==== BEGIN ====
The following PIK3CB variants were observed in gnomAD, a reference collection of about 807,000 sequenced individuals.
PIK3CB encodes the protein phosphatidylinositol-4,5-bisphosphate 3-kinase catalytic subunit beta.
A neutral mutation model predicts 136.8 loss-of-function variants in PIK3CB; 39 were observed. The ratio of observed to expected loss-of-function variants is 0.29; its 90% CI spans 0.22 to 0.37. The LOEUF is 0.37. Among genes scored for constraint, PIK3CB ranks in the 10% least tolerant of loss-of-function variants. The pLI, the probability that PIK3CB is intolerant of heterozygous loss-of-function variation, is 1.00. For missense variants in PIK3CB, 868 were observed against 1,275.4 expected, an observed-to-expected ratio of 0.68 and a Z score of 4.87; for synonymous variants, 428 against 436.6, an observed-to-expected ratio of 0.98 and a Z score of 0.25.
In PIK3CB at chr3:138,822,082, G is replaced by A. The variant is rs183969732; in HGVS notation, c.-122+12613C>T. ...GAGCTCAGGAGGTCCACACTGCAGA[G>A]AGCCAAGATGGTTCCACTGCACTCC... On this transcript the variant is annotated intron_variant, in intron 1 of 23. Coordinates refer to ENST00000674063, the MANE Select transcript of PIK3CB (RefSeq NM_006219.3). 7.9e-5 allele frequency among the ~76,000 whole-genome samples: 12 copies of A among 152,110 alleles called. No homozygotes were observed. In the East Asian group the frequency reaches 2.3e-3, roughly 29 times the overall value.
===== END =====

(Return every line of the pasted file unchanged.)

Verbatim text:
The following PIK3CB variants were observed in gnomAD, a reference collection of about 807,000 sequenced individuals.
PIK3CB encodes the protein phosphatidylinositol-4,5-bisphosphate 3-kinase catalytic subunit beta.
A neutral mutation model predicts 136.8 loss-of-function variants in PIK3CB; 39 were observed. The ratio of observed to expected loss-of-function variants is 0.29; its 90% CI spans 0.22 to 0.37. The LOEUF is 0.37. Among genes scored for constraint, PIK3CB ranks in the 10% least tolerant of loss-of-function variants. The pLI, the probability that PIK3CB is intolerant of heterozygous loss-of-function variation, is 1.00. For missense variants in PIK3CB, 868 were observed against 1,275.4 expected, an observed-to-expected ratio of 0.68 and a Z score of 4.87; for synonymous variants, 428 against 436.6, an observed-to-expected ratio of 0.98 and a Z score of 0.25.
In PIK3CB at chr3:138,822,082, G is replaced by A. The variant is rs183969732; in HGVS notation, c.-122+12613C>T. ...GAGCTCAGGAGGTCCACACTGCAGA[G>A]AGCCAAGATGGTTCCACTGCACTCC... On this transcript the variant is annotated intron_variant, in intron 1 of 23. Coordinates refer to ENST00000674063, the MANE Select transcript of PIK3CB (RefSeq NM_006219.3). 7.9e-5 allele frequency among the ~76,000 whole-genome samples: 12 copies of A among 152,110 alleles called. No homozygotes were observed. In the East Asian group the frequency reaches 2.3e-3, roughly 29 times the overall value.